Measuring 6.5 on the Richter scale, the earthquake that devastated the Iranian city of Bam on 26th December 2003 claimed 26,000* lives, injured 30,000 and left around 75,000 people homeless. Entire families were crushed to death in their beds, and around 80% of the buildings in Bam were badly damaged or reduced to rubble.
Three months after the devastating earthquake that almost halved the city’s population, survivors are trying to piece together their lives. Most still live in tents, on the site where their homes once stood or in camps set up by the government and local and international aid agencies. Although a level of normality has now returned to Bam, rising temperatures are making it increasingly unbearable for people to live in the unventilated tents.
As the heat rapidly increases, reaching up to 55° Celsius in the summer, the government and a number of international aid agencies have started to construct temporary homes on various sites around the city.
Islamic Relief is building 400 semi-permanent homes, which will house around 2000 earthquake survivors. The houses consist of a single room of 20 square metres, providing living space for a family of five, with an additional external toilet, shower, and kitchen block.
The homes are being built in the Sina camp, where families are still living under canvas. IR is coordinating the construction work with the Shura (community elders) of the camp and the Iranian Red Crescent, ensuring the most appropriate materials and designs are used.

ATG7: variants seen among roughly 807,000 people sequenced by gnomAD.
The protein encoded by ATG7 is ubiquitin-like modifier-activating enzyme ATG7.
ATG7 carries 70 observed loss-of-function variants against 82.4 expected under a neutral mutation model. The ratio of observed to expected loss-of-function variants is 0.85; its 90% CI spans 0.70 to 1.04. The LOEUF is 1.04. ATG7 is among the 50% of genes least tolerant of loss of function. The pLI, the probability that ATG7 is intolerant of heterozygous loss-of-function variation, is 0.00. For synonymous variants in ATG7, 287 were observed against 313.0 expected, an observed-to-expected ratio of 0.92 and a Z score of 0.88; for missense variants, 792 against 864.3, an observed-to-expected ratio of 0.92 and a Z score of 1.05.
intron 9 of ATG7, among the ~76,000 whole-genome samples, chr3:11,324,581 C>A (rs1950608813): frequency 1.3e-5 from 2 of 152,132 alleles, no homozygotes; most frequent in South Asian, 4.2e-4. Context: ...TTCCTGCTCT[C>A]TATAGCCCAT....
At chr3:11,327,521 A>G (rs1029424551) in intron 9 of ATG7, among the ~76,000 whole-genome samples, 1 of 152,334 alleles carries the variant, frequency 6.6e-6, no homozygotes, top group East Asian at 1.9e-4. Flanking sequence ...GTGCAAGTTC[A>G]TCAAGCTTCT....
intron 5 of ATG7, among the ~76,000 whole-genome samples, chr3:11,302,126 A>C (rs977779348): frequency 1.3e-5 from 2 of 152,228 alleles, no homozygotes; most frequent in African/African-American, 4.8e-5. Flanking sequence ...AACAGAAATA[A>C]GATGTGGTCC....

CAFOD, a British-based humanitarian organisation, has donated $110,000 towards IR’s $1 million construction project.
With the initial emergency phase now over, many international humanitarian organisations have completed their short-term relief programmes and moved on. A few continue to distribute food and essential items to the earthquake-affected people, who number over 175,000 in total, according to the Iranian Red Crescent.
As the people of Bam try to rebuild their lives, unemployment remains a major problem. Some makeshift grocery shops have sprung up to serve the displaced community but most businesses were also destroyed in the earthquake.
To address this problem, Islamic Relief has been working with local traders to establish a market with 26 tent shops in Bam’s Arg Square. The market will house a variety of businesses including tailors, computer supplies, painters, and even an ice-cream parlour.
As with most humanitarian disasters, three months later Bam now receives relatively little international attention. Islamic Relief is doing all it can to highlight the difficult living conditions of the earthquake survivors and help them rebuild their lives. It is a mammoth task but with small signs of normality already appearing in the city, it is certainly not an impossible one.
* Latest revised death toll from Iran . The previous official estimate of 43,000 dead was apparently due to the double counting of bodies during the chaos caused by the disaster